Our recent 2016 Global Built Asset Performance Index found Australia is falling behind developing nations on returns to its economy and performance of built assets. But how are built assets across Asia, Europe, North America and the Middle East performing?
China’s economic growth is powered by its built assets, which sees the country rank number one in terms of absolute returns from built assets. The share of GDP returns accounted for by built assets increased from 39% in 1990 to 52.9% this year. While China’s economy is clearly experiencing a slowdown, GDP is still forecast to grow at around 7%, and expected to continue investing in built assets at an unprecedented level. Whilst South East Asian countries such as Malaysia, Vietnam and Indonesia have rich commodity endowments, they will see the greatest percentage increase in built assets over the next decade as they continue to invest in manufacturing. Indonesia’s returns from built assets are forecasted to significantly increase from US$1.1 trillion in 2016 to $2.1 trillion in 2026 and Malaysia’s returns will nearly double in the next ten years to US$520 billion.
Germany leads in Europe at US$1 trillion returns from its built assets, followed by Turkey at US$807 billion and France at US$794 billion. Most European countries do not generate particularly high returns on a per-capita basis compared to their stocks of assets, which are generally high. The region will have to improve asset productivity as aging infrastructure is depreciating faster than rebuilding. On the contrary in the UK, due to low rates of both public and private investment, returns from built assets fell from 27.2% to 26.3%.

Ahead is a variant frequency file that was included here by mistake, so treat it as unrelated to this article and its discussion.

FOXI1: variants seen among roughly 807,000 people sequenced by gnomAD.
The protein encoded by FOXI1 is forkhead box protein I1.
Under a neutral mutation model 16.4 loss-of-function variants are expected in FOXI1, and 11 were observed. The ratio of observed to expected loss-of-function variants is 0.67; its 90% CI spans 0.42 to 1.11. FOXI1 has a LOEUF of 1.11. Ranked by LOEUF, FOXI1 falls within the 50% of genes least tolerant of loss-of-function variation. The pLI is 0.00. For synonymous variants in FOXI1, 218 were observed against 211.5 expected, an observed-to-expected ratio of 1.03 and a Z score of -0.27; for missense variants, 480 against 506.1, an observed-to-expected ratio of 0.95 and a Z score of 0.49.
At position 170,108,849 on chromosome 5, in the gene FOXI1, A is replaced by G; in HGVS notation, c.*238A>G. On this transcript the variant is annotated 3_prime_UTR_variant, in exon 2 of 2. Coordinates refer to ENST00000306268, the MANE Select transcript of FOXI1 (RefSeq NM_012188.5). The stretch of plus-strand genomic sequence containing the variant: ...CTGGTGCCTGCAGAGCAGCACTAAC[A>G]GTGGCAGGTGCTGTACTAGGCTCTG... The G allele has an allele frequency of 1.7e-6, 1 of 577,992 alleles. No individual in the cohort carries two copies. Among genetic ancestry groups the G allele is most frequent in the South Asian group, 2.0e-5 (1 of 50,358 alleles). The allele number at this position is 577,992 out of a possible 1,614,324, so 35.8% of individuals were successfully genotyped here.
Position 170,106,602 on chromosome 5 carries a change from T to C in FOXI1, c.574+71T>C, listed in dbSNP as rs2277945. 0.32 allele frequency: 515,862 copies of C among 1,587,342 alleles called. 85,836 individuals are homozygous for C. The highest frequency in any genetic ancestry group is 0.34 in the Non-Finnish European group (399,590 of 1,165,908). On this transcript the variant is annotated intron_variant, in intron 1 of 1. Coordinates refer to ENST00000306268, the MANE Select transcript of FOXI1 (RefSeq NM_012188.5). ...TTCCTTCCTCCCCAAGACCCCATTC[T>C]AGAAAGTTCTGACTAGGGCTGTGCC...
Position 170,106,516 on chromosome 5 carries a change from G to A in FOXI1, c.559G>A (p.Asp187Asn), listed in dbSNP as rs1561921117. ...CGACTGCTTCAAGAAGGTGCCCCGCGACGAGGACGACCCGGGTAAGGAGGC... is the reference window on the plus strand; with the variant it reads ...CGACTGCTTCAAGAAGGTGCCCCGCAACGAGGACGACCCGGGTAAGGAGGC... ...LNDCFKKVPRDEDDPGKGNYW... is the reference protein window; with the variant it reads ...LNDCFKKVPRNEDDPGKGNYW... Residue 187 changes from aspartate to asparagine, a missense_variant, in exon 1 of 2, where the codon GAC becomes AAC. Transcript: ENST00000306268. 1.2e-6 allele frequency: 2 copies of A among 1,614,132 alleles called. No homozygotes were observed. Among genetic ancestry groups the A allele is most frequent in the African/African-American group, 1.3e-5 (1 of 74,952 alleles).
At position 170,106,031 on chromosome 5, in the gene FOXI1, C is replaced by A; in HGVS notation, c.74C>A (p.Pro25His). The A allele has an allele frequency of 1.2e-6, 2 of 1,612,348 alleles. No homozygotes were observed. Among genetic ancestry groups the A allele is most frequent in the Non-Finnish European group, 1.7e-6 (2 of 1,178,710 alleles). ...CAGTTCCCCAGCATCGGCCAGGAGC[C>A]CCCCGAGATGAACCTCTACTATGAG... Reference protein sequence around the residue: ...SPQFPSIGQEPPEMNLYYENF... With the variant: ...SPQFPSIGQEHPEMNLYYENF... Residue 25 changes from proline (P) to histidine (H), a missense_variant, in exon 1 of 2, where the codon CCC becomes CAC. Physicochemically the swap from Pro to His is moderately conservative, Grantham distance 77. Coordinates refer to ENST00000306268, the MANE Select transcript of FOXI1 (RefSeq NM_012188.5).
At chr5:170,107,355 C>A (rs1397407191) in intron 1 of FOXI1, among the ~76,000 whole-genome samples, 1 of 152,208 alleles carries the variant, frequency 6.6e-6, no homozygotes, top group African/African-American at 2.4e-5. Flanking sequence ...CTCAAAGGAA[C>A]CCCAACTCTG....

The US and Canada have not seen the same slowdown in GDP expansion that Europe has, although their post-crisis performance has not been strong. In 2016, built assets contributed 30.2% of GDP in the US (compared to 30.6% in 2014) and 29.8% in Canada (compared to 29.2% in 2014). While Europe has been seeing net depreciation for some years now (although this is expected to turn around as growth accelerates), the US has been expanding its built asset stock throughout. The US is also experiencing a decline in the effectiveness of existing assets reducing productivity due to a chronic under investment over decades, pulling negatively against the GDP’s return from assets. The current focus is getting significant public and political attention as cities across the country experience increased urbanization that strain existing systems.
Economies in the GCC have managed to reduce their reliance on commodities in recent years. One aspect of the UAE’s diversification program is to build infrastructure geared towards international aviation and tourism, and today equates to almost 50% of the UAE’s total annual GDP, the sixth highest percentage in the index. Following the same direction, Qatar has overtaken Singapore as the leading country in built asset returns per-capita showing its success in economic diversification away from hydrocarbons and making up 44% of GDP.
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